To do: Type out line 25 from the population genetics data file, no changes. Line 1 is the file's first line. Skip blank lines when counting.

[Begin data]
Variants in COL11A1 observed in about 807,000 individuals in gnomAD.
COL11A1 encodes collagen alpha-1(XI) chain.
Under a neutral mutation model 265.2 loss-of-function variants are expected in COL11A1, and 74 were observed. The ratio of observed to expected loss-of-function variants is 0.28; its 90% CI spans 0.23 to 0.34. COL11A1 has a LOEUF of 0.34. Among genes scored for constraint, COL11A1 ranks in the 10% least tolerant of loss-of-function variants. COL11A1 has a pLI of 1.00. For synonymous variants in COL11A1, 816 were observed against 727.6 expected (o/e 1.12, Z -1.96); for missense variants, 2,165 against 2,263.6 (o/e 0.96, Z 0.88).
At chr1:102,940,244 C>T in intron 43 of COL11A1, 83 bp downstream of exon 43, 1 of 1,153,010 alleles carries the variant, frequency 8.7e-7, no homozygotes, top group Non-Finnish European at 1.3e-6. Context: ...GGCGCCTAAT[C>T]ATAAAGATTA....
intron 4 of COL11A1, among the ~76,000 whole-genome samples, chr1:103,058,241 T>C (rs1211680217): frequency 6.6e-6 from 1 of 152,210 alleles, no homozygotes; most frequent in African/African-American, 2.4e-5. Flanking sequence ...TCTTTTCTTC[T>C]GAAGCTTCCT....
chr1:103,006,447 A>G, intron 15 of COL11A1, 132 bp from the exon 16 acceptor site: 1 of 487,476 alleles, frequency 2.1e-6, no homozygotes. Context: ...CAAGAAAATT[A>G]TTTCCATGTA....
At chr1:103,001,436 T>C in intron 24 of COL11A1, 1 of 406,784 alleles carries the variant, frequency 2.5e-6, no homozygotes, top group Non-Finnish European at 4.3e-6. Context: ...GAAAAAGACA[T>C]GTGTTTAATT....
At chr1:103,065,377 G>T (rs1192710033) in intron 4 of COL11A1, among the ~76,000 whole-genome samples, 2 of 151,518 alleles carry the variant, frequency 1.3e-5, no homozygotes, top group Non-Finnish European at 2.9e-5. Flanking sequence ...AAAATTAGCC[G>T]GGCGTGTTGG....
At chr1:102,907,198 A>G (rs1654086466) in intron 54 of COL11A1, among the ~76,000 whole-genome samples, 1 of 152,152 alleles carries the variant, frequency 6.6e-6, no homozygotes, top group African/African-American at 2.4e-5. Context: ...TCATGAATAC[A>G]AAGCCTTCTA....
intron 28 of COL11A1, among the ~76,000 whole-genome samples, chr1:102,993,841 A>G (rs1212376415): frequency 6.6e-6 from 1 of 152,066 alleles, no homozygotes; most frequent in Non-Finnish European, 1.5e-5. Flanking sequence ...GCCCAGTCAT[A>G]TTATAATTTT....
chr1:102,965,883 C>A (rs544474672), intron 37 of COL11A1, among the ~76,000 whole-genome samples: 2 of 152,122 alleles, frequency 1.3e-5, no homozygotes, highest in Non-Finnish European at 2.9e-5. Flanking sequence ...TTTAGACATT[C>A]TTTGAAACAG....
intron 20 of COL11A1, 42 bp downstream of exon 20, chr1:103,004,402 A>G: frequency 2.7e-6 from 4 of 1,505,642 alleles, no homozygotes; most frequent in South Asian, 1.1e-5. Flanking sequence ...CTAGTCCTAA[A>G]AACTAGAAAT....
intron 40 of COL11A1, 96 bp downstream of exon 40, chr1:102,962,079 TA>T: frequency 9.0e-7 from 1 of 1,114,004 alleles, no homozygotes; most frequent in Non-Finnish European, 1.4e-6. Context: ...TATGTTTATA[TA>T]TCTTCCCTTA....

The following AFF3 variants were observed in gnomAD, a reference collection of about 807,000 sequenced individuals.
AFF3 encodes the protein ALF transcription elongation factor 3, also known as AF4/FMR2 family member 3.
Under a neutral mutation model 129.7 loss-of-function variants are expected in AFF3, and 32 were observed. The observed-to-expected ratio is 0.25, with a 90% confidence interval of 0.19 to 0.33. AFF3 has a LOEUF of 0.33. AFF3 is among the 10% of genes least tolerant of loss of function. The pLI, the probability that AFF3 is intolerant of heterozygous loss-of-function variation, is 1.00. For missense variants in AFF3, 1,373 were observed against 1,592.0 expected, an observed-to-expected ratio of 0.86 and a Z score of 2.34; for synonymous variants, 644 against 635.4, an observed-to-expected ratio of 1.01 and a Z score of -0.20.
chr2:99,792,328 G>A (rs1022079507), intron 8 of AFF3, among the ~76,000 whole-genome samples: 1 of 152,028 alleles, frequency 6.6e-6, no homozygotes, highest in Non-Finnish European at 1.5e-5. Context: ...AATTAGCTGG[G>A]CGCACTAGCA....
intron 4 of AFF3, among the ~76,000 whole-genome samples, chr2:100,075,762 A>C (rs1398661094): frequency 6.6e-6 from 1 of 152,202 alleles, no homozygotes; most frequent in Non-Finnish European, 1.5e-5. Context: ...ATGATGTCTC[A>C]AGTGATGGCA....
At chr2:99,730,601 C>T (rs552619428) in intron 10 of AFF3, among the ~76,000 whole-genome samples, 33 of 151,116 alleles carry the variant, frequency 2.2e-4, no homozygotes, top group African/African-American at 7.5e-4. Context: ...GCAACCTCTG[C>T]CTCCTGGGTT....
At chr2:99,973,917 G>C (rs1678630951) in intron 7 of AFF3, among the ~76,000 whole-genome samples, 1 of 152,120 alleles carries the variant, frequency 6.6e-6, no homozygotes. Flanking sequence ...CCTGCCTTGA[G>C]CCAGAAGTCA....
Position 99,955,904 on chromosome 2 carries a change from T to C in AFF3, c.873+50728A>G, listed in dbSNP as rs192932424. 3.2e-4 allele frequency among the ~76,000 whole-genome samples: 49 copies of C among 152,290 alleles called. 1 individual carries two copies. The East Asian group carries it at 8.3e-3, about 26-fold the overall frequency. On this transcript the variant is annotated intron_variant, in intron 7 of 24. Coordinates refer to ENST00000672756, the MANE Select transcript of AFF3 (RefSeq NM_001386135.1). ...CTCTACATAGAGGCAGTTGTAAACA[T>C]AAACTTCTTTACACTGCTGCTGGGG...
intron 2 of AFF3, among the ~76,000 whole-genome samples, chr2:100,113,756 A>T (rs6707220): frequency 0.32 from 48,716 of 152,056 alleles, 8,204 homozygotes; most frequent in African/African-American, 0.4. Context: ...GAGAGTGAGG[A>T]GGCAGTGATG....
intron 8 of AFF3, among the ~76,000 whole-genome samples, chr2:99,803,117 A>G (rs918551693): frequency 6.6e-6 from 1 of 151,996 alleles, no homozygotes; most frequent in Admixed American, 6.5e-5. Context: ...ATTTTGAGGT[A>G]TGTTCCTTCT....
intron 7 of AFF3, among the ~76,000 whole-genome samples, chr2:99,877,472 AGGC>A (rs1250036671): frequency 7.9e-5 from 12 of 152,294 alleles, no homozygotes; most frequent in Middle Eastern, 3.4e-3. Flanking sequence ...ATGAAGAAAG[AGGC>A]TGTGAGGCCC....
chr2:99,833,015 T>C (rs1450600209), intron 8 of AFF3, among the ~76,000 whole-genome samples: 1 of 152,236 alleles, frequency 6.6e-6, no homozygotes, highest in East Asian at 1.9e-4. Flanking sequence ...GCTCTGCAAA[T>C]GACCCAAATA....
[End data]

chr2:99,833,015 T>C (rs1450600209), intron 8 of AFF3, among the ~76,000 whole-genome samples: 1 of 152,236 alleles, frequency 6.6e-6, no homozygotes, highest in East Asian at 1.9e-4. Flanking sequence ...GCTCTGCAAA[T>C]GACCCAAATA....